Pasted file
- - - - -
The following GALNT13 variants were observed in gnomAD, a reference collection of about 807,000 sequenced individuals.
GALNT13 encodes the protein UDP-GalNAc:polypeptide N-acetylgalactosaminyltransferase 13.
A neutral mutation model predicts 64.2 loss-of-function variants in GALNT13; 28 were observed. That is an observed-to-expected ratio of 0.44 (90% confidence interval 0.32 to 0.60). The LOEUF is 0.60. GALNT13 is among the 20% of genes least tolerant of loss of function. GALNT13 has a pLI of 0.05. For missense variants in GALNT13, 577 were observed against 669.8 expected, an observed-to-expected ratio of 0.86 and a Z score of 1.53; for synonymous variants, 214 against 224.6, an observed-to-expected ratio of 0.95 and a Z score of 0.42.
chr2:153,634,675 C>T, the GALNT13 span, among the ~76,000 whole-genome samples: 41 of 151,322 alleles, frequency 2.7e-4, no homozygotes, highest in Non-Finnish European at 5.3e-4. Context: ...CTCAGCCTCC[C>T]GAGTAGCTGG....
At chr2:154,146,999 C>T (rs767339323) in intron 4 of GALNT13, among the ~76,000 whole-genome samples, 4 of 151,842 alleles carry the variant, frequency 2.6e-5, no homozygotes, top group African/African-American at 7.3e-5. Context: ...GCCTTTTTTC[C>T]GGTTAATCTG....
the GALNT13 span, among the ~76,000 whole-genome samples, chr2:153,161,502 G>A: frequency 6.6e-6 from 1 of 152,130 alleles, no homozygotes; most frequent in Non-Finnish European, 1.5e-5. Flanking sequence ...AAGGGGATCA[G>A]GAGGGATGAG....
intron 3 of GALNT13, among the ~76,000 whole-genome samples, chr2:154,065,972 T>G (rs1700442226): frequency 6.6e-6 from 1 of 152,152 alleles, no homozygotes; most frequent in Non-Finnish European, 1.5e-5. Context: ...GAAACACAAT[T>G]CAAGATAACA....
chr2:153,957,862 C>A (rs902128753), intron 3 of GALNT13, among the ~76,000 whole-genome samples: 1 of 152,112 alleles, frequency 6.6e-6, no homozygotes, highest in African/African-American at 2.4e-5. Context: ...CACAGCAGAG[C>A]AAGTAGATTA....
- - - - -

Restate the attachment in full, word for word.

The following GALNT13 variants were observed in gnomAD, a reference collection of about 807,000 sequenced individuals.
GALNT13 encodes the protein UDP-GalNAc:polypeptide N-acetylgalactosaminyltransferase 13.
A neutral mutation model predicts 64.2 loss-of-function variants in GALNT13; 28 were observed. That is an observed-to-expected ratio of 0.44 (90% confidence interval 0.32 to 0.60). The LOEUF is 0.60. GALNT13 is among the 20% of genes least tolerant of loss of function. GALNT13 has a pLI of 0.05. For missense variants in GALNT13, 577 were observed against 669.8 expected, an observed-to-expected ratio of 0.86 and a Z score of 1.53; for synonymous variants, 214 against 224.6, an observed-to-expected ratio of 0.95 and a Z score of 0.42.
chr2:153,634,675 C>T, the GALNT13 span, among the ~76,000 whole-genome samples: 41 of 151,322 alleles, frequency 2.7e-4, no homozygotes, highest in Non-Finnish European at 5.3e-4. Context: ...CTCAGCCTCC[C>T]GAGTAGCTGG....
At chr2:154,146,999 C>T (rs767339323) in intron 4 of GALNT13, among the ~76,000 whole-genome samples, 4 of 151,842 alleles carry the variant, frequency 2.6e-5, no homozygotes, top group African/African-American at 7.3e-5. Context: ...GCCTTTTTTC[C>T]GGTTAATCTG....
the GALNT13 span, among the ~76,000 whole-genome samples, chr2:153,161,502 G>A: frequency 6.6e-6 from 1 of 152,130 alleles, no homozygotes; most frequent in Non-Finnish European, 1.5e-5. Flanking sequence ...AAGGGGATCA[G>A]GAGGGATGAG....
intron 3 of GALNT13, among the ~76,000 whole-genome samples, chr2:154,065,972 T>G (rs1700442226): frequency 6.6e-6 from 1 of 152,152 alleles, no homozygotes; most frequent in Non-Finnish European, 1.5e-5. Context: ...GAAACACAAT[T>G]CAAGATAACA....
chr2:153,957,862 C>A (rs902128753), intron 3 of GALNT13, among the ~76,000 whole-genome samples: 1 of 152,112 alleles, frequency 6.6e-6, no homozygotes, highest in African/African-American at 2.4e-5. Context: ...CACAGCAGAG[C>A]AAGTAGATTA....